At 1,000 feet, drinking water intakes would go dry to Las Vegas, a city of 2 million residents and a destination for 40 million tourists per year that is almost completely dependent on the reservoir

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    • red,
      The Lake Mead water levels have absolutely nothing to do with supposed 'global warming'. It has everything to do with population/agriculture growth in Arizona and California. Drought cycles are completely normal events based roughly on the PDO phase. Right now the PDO is bringing dryer than normal conditions to the west and wetter than normal conditions to the east. That switches about every 10-20 years. The massive consumption of water from this region was rose from almost nothing in the mid 1930's to completely unsustainable today. This albatross has been known for decades and with every drought cycle the situation became worse. This time, this drought and ferocious water consumption rates will likely break the camels back and permanent water shortages will develop for all the rivers consumers even when the weather cycle returns to a more normal condition.
      It's just too much consumption of finite resources and failed government resource policies. It has nothing to do with your failed global warming hypothesis.

      • 1 Reply to jj27713
      • JJ,
        We know all about your skeptical ideas on global warming and we know they are at odds with anything scientific or rationality. I don't think it is just God trying punish Willie T. in Las Vegas because the same thing is happening in Calif. and all over the Southwest. The lakes are so low in Texas that some cities are drinking recycled potty water. Maybe when you boys get thirsty you will open your minds a little to science.

    • the salt-lake (utah) is going too. That lake in the former ussr is gone (almost). I don't think the naysayers understand the difference between climate-change or global warming. ///// The naysayers coined the term "global warming" just so every winter they can honestly say the earth is not warming. (real men of genius). ///// In a loittle while all the pipes that run down from Lake-Mead to California will be dry. Before that happens they need to desalinate the Pacific's water and pipe it to Lake Mead. It could be as simple as, every moroing when the sun comes up, the water starts pumping uphill. //// And while we are at it, may I suggest Chad Bodele. Just kidding. The name sounds cool. But actually the Bodele depression in Chad was once a very big lake. Now it is just a humongous depression in the earth waiting to be filled up with water from the Mediterranean. Via a canal. With generators for electricity. Then the europeans can build that 100-GW solar farm across N.Africa. to supply S.Europe with cheap electricity. And when you think about it, N.Africa would be the ideal place for businesses. Lots of nice sunny beaches. Dry air.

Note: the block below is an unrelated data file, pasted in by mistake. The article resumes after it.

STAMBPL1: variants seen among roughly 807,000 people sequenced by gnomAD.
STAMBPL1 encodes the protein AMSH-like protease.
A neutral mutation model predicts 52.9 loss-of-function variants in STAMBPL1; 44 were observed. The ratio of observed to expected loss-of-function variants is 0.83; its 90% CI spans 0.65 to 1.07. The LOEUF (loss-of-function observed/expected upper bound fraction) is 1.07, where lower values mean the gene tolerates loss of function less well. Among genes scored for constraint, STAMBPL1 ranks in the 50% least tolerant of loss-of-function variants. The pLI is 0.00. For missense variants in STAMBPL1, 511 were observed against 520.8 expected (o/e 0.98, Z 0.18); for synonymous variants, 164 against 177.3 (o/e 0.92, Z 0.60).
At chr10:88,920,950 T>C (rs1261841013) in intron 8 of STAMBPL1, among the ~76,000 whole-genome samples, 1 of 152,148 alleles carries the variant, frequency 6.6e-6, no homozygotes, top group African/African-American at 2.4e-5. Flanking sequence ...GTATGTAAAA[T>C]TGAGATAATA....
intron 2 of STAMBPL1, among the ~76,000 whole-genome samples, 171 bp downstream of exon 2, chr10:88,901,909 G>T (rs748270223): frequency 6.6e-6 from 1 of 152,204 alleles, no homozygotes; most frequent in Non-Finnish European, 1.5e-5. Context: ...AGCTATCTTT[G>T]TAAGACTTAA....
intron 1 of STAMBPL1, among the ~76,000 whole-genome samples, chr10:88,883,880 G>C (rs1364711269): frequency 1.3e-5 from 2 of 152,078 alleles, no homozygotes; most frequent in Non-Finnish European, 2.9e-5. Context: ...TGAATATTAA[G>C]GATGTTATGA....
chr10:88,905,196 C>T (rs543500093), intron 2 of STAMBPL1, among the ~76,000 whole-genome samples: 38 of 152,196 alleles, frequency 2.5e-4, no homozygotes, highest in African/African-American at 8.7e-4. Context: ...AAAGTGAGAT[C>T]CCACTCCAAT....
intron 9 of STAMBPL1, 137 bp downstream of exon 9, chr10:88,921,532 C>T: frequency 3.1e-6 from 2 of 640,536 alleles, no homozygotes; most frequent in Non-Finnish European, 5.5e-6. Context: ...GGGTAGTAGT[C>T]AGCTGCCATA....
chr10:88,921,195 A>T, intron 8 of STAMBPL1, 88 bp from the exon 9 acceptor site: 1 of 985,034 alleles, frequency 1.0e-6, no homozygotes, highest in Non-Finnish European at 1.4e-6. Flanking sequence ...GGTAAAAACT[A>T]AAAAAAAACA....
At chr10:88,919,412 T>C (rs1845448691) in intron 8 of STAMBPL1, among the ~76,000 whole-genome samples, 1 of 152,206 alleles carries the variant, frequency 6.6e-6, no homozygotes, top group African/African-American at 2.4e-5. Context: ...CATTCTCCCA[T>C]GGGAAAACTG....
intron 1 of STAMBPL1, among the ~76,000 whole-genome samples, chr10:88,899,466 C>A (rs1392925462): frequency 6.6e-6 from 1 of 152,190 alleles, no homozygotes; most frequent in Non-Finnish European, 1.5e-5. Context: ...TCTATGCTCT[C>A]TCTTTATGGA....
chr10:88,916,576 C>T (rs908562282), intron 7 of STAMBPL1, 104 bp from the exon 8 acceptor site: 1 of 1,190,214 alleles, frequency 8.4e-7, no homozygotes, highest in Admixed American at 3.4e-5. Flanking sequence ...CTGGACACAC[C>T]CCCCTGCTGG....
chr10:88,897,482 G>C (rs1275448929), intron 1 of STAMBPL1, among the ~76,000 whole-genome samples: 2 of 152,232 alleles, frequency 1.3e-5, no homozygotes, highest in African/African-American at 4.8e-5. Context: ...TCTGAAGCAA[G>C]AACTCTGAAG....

• Who would think that a reservoir, in the desert, that; "supplies water to California, Arizona, Colorado, New Mexico, Nevada, Utah, Wyoming and part of Mexico" would run low?

      BTW, seems the only reference to global warming or climate change in your post comes from YOU.


      • 1 Reply to pkeberly
      • rz,
        Salt Lake is the remnant of a much larger lake from 30,000 years ago...from the depths of the last Ice Age. It was formed from glacial runoff and cooler and wetter climates from that period. As the Earth warmed up from the Ice Age, the glacier runoff dropped to near zero and the weather warmed up to desert conditions in the area. The lake is continuing to dry up over time, though it fluctuates many feet from year to year depending on the weather and the rains. It has been shrinking continually for 15,000 years and has nothing to do with 'global warming'.
        The Russian Aral Sea is drying up entirely because the feed rivers were diverted to the desert region for agriculture (very similar to Lake Mead). A completely man-made problem, but again no 'global warming' involved.